- The Washington Times - Thursday, December 17, 2009

Federal Reserve Chairman Ben S. Bernanke, fresh off this week’s honor of being named Time magazine’s “Person of the Year,” is expected to win enough support in the Senate to keep his job for another 4-year term.

But a vote Thursday in the Senate Committee on Banking, Housing, and Urban Affairs on whether to send Mr. Bernanke’s renomination to the full Senate for a final vote will be anything but unanimous, as some senators are ready to tee off with the man they say was chiefly responsible for aiding and abetting last year’s near epic collapse of Wall Street.

“I find it ironic that a man who has spent the last year rewarding others for failure is now being named ‘Person of the Year’ for his failures,” said Sen. Jim Bunning, Kentucky Republican and the committee’s biggest critic of Mr. Bernanke.

“If Time magazine is in the business of rewarding failure, Ben Bernanke is their man - he has certainly excelled at that.”

The Fed chairman’s path to renomination could get even rockier in the full Senate.

Mr. Bunning has said he would seek to stop the Senate from confirming Mr. Bernanke through a “hold” procedure. The 100-member Senate would need 60 votes - not the usual 50 - to override the block and move forward with a final vote on the nomination.

Although the maneuver is not expected to derail Mr. Bernanke’s confirmation, it could slow down the process.

Mr. Bernanke’s term expires early next year.

Another resonant Bernanke critic, Sen. Bernard Sanders, a Vermont independent who isn’t a banking committee member, also said he will place a hold on the chairman’s renomination.

“Perhaps more than anyone else in the world, Chairman Bernanke was in a position to diagnose and correct the impending financial disaster that was taking place right in front of him,” Mr. Sanders said.

“Tragically, not only did he fail to prevent the economic collapse that we have experienced, he did not even warn the American people that it was coming until it was too late.”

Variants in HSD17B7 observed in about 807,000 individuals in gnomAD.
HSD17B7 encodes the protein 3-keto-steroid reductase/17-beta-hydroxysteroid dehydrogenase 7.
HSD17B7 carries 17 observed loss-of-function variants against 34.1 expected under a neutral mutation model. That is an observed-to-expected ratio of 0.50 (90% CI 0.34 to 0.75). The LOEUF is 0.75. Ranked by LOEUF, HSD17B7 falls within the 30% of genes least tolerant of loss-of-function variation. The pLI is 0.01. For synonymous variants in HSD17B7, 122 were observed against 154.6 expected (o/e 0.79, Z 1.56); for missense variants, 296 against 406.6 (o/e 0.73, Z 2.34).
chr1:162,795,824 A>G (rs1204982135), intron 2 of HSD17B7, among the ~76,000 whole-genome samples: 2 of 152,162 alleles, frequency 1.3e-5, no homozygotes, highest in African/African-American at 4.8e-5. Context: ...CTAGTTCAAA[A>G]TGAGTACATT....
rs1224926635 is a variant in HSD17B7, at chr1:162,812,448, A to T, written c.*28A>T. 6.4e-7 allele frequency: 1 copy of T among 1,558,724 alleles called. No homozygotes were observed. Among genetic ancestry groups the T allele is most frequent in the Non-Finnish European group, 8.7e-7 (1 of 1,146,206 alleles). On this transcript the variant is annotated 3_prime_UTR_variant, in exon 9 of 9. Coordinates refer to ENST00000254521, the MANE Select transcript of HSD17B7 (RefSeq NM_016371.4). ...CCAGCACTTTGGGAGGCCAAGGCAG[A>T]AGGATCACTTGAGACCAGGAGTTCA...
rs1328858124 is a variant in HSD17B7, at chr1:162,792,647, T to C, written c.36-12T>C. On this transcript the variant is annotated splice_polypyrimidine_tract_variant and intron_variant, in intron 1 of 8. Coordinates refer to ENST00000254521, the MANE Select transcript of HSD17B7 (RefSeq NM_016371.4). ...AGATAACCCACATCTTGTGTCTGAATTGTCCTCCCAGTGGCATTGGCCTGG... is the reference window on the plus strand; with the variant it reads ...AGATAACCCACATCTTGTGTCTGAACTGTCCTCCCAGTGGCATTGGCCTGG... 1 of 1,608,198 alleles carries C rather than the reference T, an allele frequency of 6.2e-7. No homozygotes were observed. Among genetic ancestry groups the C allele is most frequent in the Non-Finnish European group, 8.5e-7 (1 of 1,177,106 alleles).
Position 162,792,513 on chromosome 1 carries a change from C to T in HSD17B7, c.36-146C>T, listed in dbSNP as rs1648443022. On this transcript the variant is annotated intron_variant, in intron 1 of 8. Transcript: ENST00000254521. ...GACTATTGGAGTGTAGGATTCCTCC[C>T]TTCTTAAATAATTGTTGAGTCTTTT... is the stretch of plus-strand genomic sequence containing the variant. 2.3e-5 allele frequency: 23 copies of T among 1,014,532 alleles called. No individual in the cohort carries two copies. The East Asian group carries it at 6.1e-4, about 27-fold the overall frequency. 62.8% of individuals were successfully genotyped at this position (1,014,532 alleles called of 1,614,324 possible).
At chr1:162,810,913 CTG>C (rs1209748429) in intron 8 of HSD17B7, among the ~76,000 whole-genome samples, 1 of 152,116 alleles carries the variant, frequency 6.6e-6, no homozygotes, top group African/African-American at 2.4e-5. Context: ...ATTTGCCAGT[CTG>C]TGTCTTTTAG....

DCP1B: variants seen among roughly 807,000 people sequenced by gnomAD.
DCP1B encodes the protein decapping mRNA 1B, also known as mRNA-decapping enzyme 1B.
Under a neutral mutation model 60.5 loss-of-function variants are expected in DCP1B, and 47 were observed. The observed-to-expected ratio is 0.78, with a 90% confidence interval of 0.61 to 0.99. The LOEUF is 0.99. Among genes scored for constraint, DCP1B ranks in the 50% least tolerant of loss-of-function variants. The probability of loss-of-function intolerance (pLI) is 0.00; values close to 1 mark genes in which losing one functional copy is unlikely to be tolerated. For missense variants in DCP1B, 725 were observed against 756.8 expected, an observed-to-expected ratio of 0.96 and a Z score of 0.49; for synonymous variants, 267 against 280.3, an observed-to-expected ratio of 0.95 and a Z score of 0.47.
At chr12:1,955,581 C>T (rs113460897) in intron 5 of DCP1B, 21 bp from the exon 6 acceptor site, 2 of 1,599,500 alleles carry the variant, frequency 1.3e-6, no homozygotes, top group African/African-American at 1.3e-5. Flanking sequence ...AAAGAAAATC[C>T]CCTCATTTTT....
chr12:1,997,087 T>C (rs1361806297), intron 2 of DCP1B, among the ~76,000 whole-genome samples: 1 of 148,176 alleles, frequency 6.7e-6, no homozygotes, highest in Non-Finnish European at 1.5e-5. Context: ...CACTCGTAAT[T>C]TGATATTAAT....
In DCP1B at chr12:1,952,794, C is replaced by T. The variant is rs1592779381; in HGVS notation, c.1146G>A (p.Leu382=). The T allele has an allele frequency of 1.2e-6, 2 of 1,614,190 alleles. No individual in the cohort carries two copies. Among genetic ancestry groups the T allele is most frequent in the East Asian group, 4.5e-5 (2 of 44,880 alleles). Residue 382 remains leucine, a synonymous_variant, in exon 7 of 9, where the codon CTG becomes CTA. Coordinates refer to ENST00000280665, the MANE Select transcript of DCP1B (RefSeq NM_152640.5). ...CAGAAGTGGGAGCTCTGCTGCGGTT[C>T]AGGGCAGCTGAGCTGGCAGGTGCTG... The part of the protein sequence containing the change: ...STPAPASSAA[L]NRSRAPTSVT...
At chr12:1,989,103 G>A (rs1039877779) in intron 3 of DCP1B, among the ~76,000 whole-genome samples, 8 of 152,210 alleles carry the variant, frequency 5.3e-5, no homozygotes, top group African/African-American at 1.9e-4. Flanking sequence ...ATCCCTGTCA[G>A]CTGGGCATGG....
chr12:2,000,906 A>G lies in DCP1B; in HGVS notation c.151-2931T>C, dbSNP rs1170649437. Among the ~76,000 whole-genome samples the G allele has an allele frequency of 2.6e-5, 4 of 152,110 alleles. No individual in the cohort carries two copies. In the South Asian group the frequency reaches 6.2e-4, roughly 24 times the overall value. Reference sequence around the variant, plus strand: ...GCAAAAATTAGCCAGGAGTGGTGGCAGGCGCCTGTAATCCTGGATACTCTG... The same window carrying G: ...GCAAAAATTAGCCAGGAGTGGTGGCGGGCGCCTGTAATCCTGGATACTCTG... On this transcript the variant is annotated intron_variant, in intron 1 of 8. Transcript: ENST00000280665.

But many experts say that the anger generated on Capitol Hill toward Mr. Bernanke - one of the lead architects of the unpopular $700 billion Wall Street program - is nothing more than hot air designed to score political points against a publicly unpopular figure.

“Tomorrow’s a show, especially with Jim Bunning - Jim Bunning still thinks he’s pitching for the Phillies,” said Peter Morici, a University of Maryland business professor and former chief economist at the U.S. International Trade Commission. “It’s hard to take Jim Bunning seriously.”

Mr. Morici said cooler heads will prevail in the Senate in regard to Mr. Bernanke’s renomination.

“They’ll broker him 60 votes one way or another, unless something else happens,” he said.

Scott Talbott, a spokesman with the Financial Services Roundtable, which represents some of the nation’s biggest financial-services firms, agreed that Mr. Bernanke isn’t in danger of being forced out of his job.

“He’s qualified for the job. Secondly, who else wants it?” Mr. Talbott said. “He’s becoming a lightning rod, but in the end, I expect the Senate to confirm him.”

Mr. Bernanke has vigorously defended his handling of last year’s near meltdown of the economy, telling the Senate committee two weeks ago that his actions helped avert an even greater crisis.

The nation’s central banker assured lawmakers that his agency has the necessary tools to further repair the still wobbly economy - a push-back at congressional proposals to curtail the Federal Reserve’s regulatory powers.

“We played a central role in efforts to quell the financial turmoil,” he told a Senate banking committee hearing.

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